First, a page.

Sammy Baloji (born in Lubumbashi, Democratic Republic of the Congo), Adrián Balseca (born in Quito, Ecuador), Matthew Brandt (born in Los Angeles, CA), Edward Burtynsky (born in St. Catharines, Canada), María Magdalena Campos-Pons (born in La Vega, Matanzas, Cuba), James Casebere (born in Lansing, MI), João Castilho (born in Belo Horizonte, Brazil), Elena Damiani (born in Lima, Peru), Gohar Dashti (born in Ahvaz, Iran), Sanne de Wilde (born in Antwerp, Belgium), Andrew Esiebo (born in Lagos, Nigeria), Gauri Gill (born in Chandigarh, India), Noémie Goudal (born in Paris, France), Todd Gray (born in Los Angeles, CA), Acacia Johnson (born in Anchorage, AK), Mouna Karray (born in Sfax, Tunisia), Robert Kautuk (born in Iqaluit, Nunavut), Zhang Kechun (born in Bazhong, Sichuan Province, China), Rosemary Liang (born in Brisbane, Australia), Sze Tsung Nicolás Leong (born in Mexico City, Mexico), Anna Líndal (born in Hvammstangi, Iceland), Inka Lindergård (born in Saltvik, Finland) and Niclas Lindergård (born in Sandviken, Sweden), Pablo López Luz (born in Mexico City, Mexico), Dhruv Malhotra (born in Jaipur, India), Laura McPhee (born in New York, NY), Gideon Mendel (born in Johannesburg, South Africa), Hayley Millar Baker (Gunditjmara and Djabwurrung, born in Melbourne, Australia), Joiri Minaya (born in New York, NY), Richard Mosse (born in Kilkenny, Ireland), Aïda Muluneh (born in Addis Ababa Ethiopia), Léonard Pongo (born in Liège, Belgium), Meghann Riepenhoff (born in Atlanta, GA), Cara Romero (Chemehuevi, born in Inglewood, CA), Anastasia Samoylova (born in Moscow, Russia), Camille Seaman (Shinnecock, Born in Huntington, NY), David Benjamin Sherry (born in Stony Brook, NY), Toshio Shibata (born in Tokyo, Japan), Sim Chi Yin (born in Singapore), Thomas Struth (born in Geldern, Germany), Danila Tkachenko (born Moscow, Russia), Rajesh Vangad (born in Dahanu, India), Letha Wilson (born in Honolulu, HI), Will Wilson (Diné/Navajo, born in San Francisco, CA), Yang Yongliang (born in Shanghai, China).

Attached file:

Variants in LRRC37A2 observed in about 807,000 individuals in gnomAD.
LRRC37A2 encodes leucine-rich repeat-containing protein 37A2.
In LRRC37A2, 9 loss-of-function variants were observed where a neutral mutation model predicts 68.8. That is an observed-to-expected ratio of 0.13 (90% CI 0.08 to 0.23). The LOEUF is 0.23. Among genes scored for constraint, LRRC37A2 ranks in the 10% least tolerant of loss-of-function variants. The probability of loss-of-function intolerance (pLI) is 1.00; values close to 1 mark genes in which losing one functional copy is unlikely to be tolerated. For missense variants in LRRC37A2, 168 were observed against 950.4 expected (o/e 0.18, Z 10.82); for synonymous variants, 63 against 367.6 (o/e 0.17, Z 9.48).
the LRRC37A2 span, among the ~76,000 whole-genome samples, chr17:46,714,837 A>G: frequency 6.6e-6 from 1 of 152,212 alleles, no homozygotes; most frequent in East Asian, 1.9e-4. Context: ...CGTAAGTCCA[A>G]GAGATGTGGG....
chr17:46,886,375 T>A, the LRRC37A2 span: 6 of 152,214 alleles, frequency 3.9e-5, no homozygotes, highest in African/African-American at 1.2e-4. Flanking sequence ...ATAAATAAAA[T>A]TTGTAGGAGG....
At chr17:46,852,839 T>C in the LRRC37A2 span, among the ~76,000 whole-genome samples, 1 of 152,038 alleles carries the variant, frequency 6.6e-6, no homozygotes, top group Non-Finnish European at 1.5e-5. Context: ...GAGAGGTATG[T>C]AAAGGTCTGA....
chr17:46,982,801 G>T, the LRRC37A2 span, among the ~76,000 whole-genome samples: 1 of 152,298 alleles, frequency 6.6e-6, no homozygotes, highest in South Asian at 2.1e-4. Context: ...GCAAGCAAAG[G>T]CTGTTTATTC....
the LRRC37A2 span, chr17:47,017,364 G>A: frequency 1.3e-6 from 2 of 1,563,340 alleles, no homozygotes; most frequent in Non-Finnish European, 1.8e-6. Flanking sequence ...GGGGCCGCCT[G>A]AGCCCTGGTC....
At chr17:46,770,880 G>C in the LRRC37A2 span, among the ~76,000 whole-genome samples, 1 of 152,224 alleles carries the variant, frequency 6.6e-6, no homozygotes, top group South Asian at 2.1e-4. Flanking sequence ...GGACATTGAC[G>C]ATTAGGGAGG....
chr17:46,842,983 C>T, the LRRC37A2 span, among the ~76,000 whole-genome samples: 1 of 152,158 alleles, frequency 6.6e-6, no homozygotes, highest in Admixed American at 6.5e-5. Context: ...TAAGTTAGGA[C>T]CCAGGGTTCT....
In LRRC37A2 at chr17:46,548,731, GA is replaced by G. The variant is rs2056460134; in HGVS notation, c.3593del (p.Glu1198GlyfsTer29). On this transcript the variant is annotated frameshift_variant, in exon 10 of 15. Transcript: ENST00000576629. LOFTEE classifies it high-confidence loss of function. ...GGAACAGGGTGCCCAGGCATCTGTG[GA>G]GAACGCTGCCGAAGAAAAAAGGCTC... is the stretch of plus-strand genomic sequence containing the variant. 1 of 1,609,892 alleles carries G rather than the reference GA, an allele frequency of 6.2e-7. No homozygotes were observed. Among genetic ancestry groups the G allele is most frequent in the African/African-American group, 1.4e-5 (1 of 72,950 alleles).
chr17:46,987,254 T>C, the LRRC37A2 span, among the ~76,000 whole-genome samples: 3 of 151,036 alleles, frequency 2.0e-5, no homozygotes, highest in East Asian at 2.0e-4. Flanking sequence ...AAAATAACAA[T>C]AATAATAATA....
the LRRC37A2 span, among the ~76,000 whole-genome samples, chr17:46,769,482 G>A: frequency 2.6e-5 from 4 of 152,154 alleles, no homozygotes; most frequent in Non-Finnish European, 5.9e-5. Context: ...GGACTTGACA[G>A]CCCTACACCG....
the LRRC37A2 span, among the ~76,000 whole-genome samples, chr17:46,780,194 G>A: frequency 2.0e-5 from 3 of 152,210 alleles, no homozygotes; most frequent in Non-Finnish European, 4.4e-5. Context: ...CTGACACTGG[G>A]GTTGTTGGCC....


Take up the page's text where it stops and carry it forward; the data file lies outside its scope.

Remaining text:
Exhibition Catalogue

The exhibition is accompanied by a 224-page, fully illustrated catalogue, published by Rizzoli Electa, that includes eleven essays on a wide range of topics related to art and the Anthropocene. Contributors include Rocío Aranda-Alvarado, Carmen G. Gonzalez, Donna Haraway, Candice Hopkins, Claire L. Hutchinson, Jessica May, Simon Njami, Marshall N. Price, Daniel Richter, Catriona Sandilands, Sheila Watt-Cloutier, Will Wilson, and Norman Wirzba.

Organization & Support

Anthropocene Sim Chi Yin

Second Nature: Photography in the Age of the Anthropocene is organized by the Nasher Museum of Art at Duke University and the deCordova Sculpture Park and Museum, The Trustees of Reservations. The exhibition is curated by Jessica May, Vice President, Art and Exhibitions, The Trustees and Artistic Director, deCordova Sculpture Park and Museum, and Marshall N. Price, Chief Curator and Nancy A. Nasher and David J. Haemisegger Curator of Modern and Contemporary Art, Nasher Museum of Art at Duke University.

At the Nasher Museum, this exhibition is made possible by the Marilyn M. Arthur Fund; the Nancy A. Nasher and David J. Haemisegger Family Fund for Exhibitions; the Frank Edward Hanscom Endowment Fund; the Prakash and Anjali Melwani Fund; the Derek and Christen Wilson Fund; and Parker & Otis.

TOP and RIGHT: Sim Chi Yin, Shifting Sands #1, 2017. Archival pigment on paper, 16 x20 inches (40.6 x 50.8 cm). Courtesy of the artist. © Sim Chi Yin.